- If You’re Stressed, Rosemary Can Help
- Study Suggests That Eating Fish Can Reduce Cardiac Death
- You Won’t Believe This Creamy Pasta Recipe Is Vegan & Gluten Free Video
- Chocolate Smoothies – 3 Healthy Recipes Worth Giving A Try Video
- Protecting Your DNA And Profiting Too
- Beneficial Weeds You Must Know About
- These 8 Products Will Lighten Knees And Elbows Naturally
Have You Ever Tried To Use Cumin?
If your answer to this question is ‘No’, – then please, allow us to change your mind! Cumin is a spice used in both whole and ground form in all types of world cuisines, especially Mexican, Indian and North African curry-based dishes. The ground version of the spice that most of us are familiar with and is readily available in the supermarket comes from the seeds of the cumin plant, a flowering plant belonging to the same family as fennel and parsley. These seeds are brown in colour and can be used in their whole form as well, although it’s the black versions which have a much higher concentration of the highly beneficial oil from this plant. Let’s take a look at why.
As a foodstuff, cumin boasts a whole range of key minerals including magnesium, zinc, iron, copper, potassium and calcium. This means that just a teaspoonful of the seeds boosts the health of red blood cells, controls heart rate and blood pressure, promotes proper immune function and builds strong teeth and bones, among a host of other benefits. Cumin is also a powerful antioxidant, antibacterial, and antimicrobial agent which in the body translates into a potent ability to prevent bacterial growth and to exhibit an anti-inflammatory effect, both aspects which greatly promote overall improved health and wellbeing.
If you suffer with digestive issues, then it’s time to whip up a cumin-based dish, because this spice is amazing when it comes to treating gastrointestinal disorders. This particular benefit derives from the oil present in the seeds which is bursting with thymol, a compound which promotes the production of the enzymes and acid responsible for the proper digestion of food in the stomach. Not only that, but cumin also has a potent carminative effect which basically means it relieves gas trapped within the digestive system which may otherwise cause discomfort and slow down digestion.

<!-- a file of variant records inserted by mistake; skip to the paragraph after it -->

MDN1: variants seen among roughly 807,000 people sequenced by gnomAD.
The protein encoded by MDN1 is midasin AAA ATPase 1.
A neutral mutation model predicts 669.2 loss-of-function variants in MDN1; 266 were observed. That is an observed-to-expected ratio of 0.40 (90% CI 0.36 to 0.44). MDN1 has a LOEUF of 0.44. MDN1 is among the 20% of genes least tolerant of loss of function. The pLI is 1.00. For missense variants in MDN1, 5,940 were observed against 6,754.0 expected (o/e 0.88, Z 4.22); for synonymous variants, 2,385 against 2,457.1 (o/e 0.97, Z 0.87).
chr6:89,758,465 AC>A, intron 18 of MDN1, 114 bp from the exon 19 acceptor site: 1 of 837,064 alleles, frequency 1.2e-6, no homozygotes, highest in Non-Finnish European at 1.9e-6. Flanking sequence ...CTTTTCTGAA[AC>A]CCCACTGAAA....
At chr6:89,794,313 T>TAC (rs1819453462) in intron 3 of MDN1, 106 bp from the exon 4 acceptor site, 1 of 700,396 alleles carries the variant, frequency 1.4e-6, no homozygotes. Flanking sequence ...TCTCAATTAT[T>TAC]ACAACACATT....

As we mentioned above, cumin is known for its key mineral content and in particular, its iron content. This rich source of iron makes it excellent for lactating mothers and menstruating women as well as for people who suffer with anemia. This is because iron is the key component in the oxygen-carrying haemoglobin in our blood cells, so healthy amounts prevent symptoms of anemia which include fatigue, digestive issues, and cognitive malfunction.
The benefits of cumin’s high iron content don’t even stop there. When you have the correct amount of iron in your body, oxygenated blood is pumped more efficiently to all areas including the organs in the brain. This allows them to work at their optimum which in turn increases both cognitive and physical output.
Convinced that cumin is awesome now? Well it couldn’t be easier to include this super spice in your diet. The ground version is available in the spice section of any supermarket and is easily incorporated into a wide variety of dishes. The seeds have a warmer, smokier flavour and are equally as readily available and easy to cook with. Why not try a delicious bean and vegetable chilli with cumin and paprika as the main spices, or perhaps a tasty Indian style chicken – the choices are endless, and so are the health benefits!